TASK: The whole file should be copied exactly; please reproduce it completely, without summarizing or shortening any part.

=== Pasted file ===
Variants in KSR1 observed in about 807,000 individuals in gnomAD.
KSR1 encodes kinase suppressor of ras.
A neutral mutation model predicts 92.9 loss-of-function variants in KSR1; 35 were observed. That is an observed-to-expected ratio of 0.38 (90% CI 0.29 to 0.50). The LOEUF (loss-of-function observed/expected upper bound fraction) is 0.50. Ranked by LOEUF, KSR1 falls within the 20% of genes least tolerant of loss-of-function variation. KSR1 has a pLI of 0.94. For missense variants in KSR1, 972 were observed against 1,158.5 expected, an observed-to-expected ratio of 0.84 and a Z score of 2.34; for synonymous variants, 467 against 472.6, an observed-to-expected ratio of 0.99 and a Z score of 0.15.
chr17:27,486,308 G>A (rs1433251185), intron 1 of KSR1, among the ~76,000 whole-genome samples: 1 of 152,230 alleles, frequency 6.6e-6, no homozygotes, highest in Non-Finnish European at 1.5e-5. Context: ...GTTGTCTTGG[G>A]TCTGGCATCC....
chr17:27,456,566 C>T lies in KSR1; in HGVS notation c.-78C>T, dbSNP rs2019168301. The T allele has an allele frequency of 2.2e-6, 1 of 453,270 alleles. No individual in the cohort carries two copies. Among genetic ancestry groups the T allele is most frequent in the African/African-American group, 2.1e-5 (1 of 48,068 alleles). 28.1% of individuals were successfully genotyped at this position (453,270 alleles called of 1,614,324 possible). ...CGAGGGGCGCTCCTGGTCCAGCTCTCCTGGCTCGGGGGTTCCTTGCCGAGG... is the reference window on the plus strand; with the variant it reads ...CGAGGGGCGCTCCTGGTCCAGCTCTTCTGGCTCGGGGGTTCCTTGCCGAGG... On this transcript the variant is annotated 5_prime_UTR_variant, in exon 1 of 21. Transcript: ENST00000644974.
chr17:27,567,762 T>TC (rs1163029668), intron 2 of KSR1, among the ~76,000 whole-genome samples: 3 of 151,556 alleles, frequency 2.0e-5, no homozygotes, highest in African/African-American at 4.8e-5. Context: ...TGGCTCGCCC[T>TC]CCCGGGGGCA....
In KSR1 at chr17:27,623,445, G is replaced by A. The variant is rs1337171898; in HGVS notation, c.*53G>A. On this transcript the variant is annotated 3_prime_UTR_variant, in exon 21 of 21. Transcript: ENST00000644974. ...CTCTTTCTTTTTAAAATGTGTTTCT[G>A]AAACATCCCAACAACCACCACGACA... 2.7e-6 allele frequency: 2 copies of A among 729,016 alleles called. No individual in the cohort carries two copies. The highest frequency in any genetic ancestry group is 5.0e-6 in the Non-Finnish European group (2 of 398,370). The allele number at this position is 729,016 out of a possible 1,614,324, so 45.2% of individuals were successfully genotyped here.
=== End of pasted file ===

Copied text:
Variants in KSR1 observed in about 807,000 individuals in gnomAD.
KSR1 encodes kinase suppressor of ras.
A neutral mutation model predicts 92.9 loss-of-function variants in KSR1; 35 were observed. That is an observed-to-expected ratio of 0.38 (90% CI 0.29 to 0.50). The LOEUF (loss-of-function observed/expected upper bound fraction) is 0.50. Ranked by LOEUF, KSR1 falls within the 20% of genes least tolerant of loss-of-function variation. KSR1 has a pLI of 0.94. For missense variants in KSR1, 972 were observed against 1,158.5 expected, an observed-to-expected ratio of 0.84 and a Z score of 2.34; for synonymous variants, 467 against 472.6, an observed-to-expected ratio of 0.99 and a Z score of 0.15.
chr17:27,486,308 G>A (rs1433251185), intron 1 of KSR1, among the ~76,000 whole-genome samples: 1 of 152,230 alleles, frequency 6.6e-6, no homozygotes, highest in Non-Finnish European at 1.5e-5. Context: ...GTTGTCTTGG[G>A]TCTGGCATCC....
chr17:27,456,566 C>T lies in KSR1; in HGVS notation c.-78C>T, dbSNP rs2019168301. The T allele has an allele frequency of 2.2e-6, 1 of 453,270 alleles. No individual in the cohort carries two copies. Among genetic ancestry groups the T allele is most frequent in the African/African-American group, 2.1e-5 (1 of 48,068 alleles). 28.1% of individuals were successfully genotyped at this position (453,270 alleles called of 1,614,324 possible). ...CGAGGGGCGCTCCTGGTCCAGCTCTCCTGGCTCGGGGGTTCCTTGCCGAGG... is the reference window on the plus strand; with the variant it reads ...CGAGGGGCGCTCCTGGTCCAGCTCTTCTGGCTCGGGGGTTCCTTGCCGAGG... On this transcript the variant is annotated 5_prime_UTR_variant, in exon 1 of 21. Transcript: ENST00000644974.
chr17:27,567,762 T>TC (rs1163029668), intron 2 of KSR1, among the ~76,000 whole-genome samples: 3 of 151,556 alleles, frequency 2.0e-5, no homozygotes, highest in African/African-American at 4.8e-5. Context: ...TGGCTCGCCC[T>TC]CCCGGGGGCA....
In KSR1 at chr17:27,623,445, G is replaced by A. The variant is rs1337171898; in HGVS notation, c.*53G>A. On this transcript the variant is annotated 3_prime_UTR_variant, in exon 21 of 21. Transcript: ENST00000644974. ...CTCTTTCTTTTTAAAATGTGTTTCT[G>A]AAACATCCCAACAACCACCACGACA... 2.7e-6 allele frequency: 2 copies of A among 729,016 alleles called. No individual in the cohort carries two copies. The highest frequency in any genetic ancestry group is 5.0e-6 in the Non-Finnish European group (2 of 398,370). The allele number at this position is 729,016 out of a possible 1,614,324, so 45.2% of individuals were successfully genotyped here.